BOSTON -- We hear so much about "the process" in pro sports, and it can apply to daily practice routines or game plans or even just how you want to run your franchise.
But the individual definitely has to go through a process, and Stars forward Jason Dickinson is a prime example of just how important that is. At age 24 and 164 games into his NHL career, Dickinson has taken massive strides forward and become one of the team's dependable regulars. That's a huge difference from where he was even last season.
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"For the last couple of months, he's been a very important part of this team, very important part -- killing penalties, checking guys," Stars interim coach Rick Bowness said. "He's a character guy, he's a leader on this team in his own right, he's a potential captain down the road. He's a great kid and a great competitor."
Dickinson is averaging 14:52 in ice time per game and has seen those numbers jump up to 16 and 17 minutes in recent games. He has 20 points (nine goals, 11 assists), including a goal and an assist Tuesday in a 4-1 win over Carolina, and he's plus-6 on the season. Bottom line, he is becoming somebody who helps the Stars win on a regular basis.
"He's one of those guys who can do it all," said captain Jamie Benn. "He's a great centerman, he can play wing, he can PK, he can play power play if we need him to. He's kind of an unsung hero for us."
Video: DAL@CAR: Dickinson nets ninth goal in win over 'Canes
Dickinson said getting to where he is now truly has been a process.
The 29th overall pick in the 2013 NHL draft worked his way through two AHL seasons and had a couple of cups of coffee in the NHL when he was given the chance to try to earn a full-time position in 2017-18. He was called up and sent down on numerous occasions and finally settled in the AHL, where he helped the Texas Stars get to the Calder Cup Final.
It was both exasperating and invigorating, and in 2018-19, Dickinson was ready to earn a spot in the NHL.
Dickinson is helping Roope Hintz and Dennis Gurianov go through similar transitions, and he said Wednesday it definitely brings back memories for him.
"What Guri and Roope are going through in growing their defensive game, that was the same for me," he said. "You try to do the right thing, but you're always worried if you're doing what the coaches want. Well last year, by the end of the year, I was being trusted with bigger roles defensively. That's always been my game, but getting that opportunity and knowing they wanted me to play that role, it just helped solidify that feeling of, `OK, I can do this, I belong.' "
Video: DAL@CAR: Dickinson wires home wrist shot
It was more taxing mentally than physically, Dickinson said, but he added that he knew he had to go through the trials and tribulations to get to where he wanted to go. Dickinson said that earning the trust of the coaches was a challenge, but that when he had taken steps forward, the game became a lot simpler.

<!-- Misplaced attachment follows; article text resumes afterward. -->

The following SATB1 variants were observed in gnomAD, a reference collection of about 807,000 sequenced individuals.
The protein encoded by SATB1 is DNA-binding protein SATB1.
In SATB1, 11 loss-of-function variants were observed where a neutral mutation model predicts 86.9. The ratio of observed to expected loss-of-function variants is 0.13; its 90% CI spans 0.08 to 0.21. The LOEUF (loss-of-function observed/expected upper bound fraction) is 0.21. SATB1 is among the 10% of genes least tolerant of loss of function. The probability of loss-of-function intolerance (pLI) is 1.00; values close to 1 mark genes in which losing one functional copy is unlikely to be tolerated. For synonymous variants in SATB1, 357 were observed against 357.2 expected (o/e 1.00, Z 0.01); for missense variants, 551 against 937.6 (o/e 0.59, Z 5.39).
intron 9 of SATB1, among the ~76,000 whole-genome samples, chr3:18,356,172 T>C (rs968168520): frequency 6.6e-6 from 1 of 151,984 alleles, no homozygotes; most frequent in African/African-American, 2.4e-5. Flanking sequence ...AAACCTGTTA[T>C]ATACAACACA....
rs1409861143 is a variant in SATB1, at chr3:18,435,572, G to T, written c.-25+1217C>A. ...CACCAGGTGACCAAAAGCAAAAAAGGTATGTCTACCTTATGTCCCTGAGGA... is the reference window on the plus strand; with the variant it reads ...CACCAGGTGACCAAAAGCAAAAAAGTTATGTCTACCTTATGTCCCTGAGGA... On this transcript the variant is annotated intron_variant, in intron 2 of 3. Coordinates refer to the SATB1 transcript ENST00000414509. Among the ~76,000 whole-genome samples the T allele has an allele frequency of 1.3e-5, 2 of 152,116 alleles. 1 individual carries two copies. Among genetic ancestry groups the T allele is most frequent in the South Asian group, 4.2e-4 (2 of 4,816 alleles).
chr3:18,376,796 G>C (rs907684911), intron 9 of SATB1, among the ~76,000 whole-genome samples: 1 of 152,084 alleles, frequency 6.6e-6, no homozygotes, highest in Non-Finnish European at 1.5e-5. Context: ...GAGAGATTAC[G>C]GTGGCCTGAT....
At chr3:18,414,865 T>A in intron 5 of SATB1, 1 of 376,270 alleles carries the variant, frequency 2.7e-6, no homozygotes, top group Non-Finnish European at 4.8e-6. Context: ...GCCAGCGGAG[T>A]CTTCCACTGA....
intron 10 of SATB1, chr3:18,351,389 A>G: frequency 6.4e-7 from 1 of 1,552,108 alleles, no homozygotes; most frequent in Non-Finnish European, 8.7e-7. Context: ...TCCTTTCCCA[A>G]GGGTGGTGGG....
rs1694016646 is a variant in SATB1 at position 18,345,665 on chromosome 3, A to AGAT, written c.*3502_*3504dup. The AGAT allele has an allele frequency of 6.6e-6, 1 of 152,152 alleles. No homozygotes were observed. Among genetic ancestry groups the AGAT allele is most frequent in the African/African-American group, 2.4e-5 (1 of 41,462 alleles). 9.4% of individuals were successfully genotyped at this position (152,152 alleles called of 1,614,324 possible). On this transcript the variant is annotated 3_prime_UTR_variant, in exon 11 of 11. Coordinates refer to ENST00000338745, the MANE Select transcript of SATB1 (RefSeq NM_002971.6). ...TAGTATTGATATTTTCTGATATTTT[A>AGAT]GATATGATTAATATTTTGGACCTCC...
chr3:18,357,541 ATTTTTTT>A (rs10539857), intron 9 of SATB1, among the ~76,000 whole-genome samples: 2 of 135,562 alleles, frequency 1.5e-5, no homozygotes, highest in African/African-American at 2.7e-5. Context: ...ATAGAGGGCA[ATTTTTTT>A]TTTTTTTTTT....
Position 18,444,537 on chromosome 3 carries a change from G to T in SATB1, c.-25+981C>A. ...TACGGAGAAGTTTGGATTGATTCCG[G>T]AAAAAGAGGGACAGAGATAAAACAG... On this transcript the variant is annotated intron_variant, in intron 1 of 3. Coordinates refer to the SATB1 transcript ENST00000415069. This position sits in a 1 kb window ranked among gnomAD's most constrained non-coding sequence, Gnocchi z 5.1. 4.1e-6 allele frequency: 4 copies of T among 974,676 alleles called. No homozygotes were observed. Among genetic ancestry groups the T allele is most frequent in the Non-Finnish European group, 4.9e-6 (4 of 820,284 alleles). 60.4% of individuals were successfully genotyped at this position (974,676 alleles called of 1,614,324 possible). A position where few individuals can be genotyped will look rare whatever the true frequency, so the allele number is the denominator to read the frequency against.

"You can talk about it all you want, but until you're thrown into it, you really don't know what it all entails," Dickinson said. "It's such a cliché to say it, but it's true: Once you get feel the trust, you grow from there and your game just changes. I think a great example is that if I have to make a decision now, I might consider hanging onto the puck instead of just chipping it in, because I know that I can do it, one, but I also know that if it doesn't work that I'm not coming right out of the game."
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That confidence is a huge part of maturing, Benn said.
"I think second or third year for myself, I realized I'm going to be around here for a little while, and I think that helped a lot," Benn said. "Time builds confidence, and we're seeing that with him. When you have confidence, you feel like you can't be stopped."
And how does that affect your game?
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"You definitely think less," Benn said. "You go out there and play and have fun with it, and know you can get the job done. It really makes hockey easier."
Dickinson said he doesn't ever want to feel like he has a permanent place in the lineup, adding that he believes the drive to earn that spot helps keep him on top of his game. But he also said that having confidence creates a feeling where he can play his best.
"It's a process for sure," he said. "You have to chisel away and chisel away until you get that level of respect. Then, once you do, you can't get comfortable with it. You still have to work hard to do the right thing every shift so that you keep the respect. It's finding that balance."
Right now, Dickinson is balancing himself in a pretty darn important role and giving the coaching staff a lot of options when it comes to his deployment. There have been times he plays wing on a grinding line, or times when he jumps up to center the checking line in place of Radek Faksa, or times he gets to skate with the speedy duo of Hintz and Gurianov. That variety, he said, helps push the process along even further.
"This year, it's not so much a question of if I can do it or not, it's dealing with the assignment," he said. "If Radek is hurt or tired, then I can do that job. Or if we need me to play with Guri and Roope, I can do that too. I mean it takes a coach trusting you, but once it happens, it really is a good feeling."
Don't miss your chance to see the Stars battle the Edmonton Oilers when they return home to American Airlines Center on Tuesday, March 3. The first 5,000 fans receive a limited-edition poster presented by Dr Pepper. Get your tickets now!
This story was not subject to the approval of the National Hockey League or Dallas Stars Hockey Club.
Mike Heika is a Senior Staff Writer for DallasStars.com and has covered the Stars since 1994. Follow him on Twitter @MikeHeika, and listen to his podcast.